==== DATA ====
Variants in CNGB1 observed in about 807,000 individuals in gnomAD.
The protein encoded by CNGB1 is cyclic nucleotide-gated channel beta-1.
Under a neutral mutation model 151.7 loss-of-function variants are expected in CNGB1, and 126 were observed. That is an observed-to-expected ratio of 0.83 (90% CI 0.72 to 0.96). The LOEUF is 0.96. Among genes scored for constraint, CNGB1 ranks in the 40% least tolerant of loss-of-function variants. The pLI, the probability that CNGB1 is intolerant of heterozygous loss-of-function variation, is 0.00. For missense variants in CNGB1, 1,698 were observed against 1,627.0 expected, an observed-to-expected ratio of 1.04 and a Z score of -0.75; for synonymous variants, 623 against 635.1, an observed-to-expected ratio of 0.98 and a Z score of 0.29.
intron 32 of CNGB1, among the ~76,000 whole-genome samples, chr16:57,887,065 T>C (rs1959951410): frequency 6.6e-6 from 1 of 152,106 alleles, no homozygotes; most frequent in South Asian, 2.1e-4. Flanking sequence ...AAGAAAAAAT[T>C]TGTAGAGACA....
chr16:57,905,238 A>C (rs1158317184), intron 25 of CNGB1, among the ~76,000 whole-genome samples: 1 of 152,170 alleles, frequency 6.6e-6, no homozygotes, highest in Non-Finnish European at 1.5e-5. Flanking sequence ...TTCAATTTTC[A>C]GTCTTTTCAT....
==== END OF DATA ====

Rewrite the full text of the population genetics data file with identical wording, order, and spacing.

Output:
Variants in CNGB1 observed in about 807,000 individuals in gnomAD.
The protein encoded by CNGB1 is cyclic nucleotide-gated channel beta-1.
Under a neutral mutation model 151.7 loss-of-function variants are expected in CNGB1, and 126 were observed. That is an observed-to-expected ratio of 0.83 (90% CI 0.72 to 0.96). The LOEUF is 0.96. Among genes scored for constraint, CNGB1 ranks in the 40% least tolerant of loss-of-function variants. The pLI, the probability that CNGB1 is intolerant of heterozygous loss-of-function variation, is 0.00. For missense variants in CNGB1, 1,698 were observed against 1,627.0 expected, an observed-to-expected ratio of 1.04 and a Z score of -0.75; for synonymous variants, 623 against 635.1, an observed-to-expected ratio of 0.98 and a Z score of 0.29.
intron 32 of CNGB1, among the ~76,000 whole-genome samples, chr16:57,887,065 T>C (rs1959951410): frequency 6.6e-6 from 1 of 152,106 alleles, no homozygotes; most frequent in South Asian, 2.1e-4. Flanking sequence ...AAGAAAAAAT[T>C]TGTAGAGACA....
chr16:57,905,238 A>C (rs1158317184), intron 25 of CNGB1, among the ~76,000 whole-genome samples: 1 of 152,170 alleles, frequency 6.6e-6, no homozygotes, highest in Non-Finnish European at 1.5e-5. Flanking sequence ...TTCAATTTTC[A>C]GTCTTTTCAT....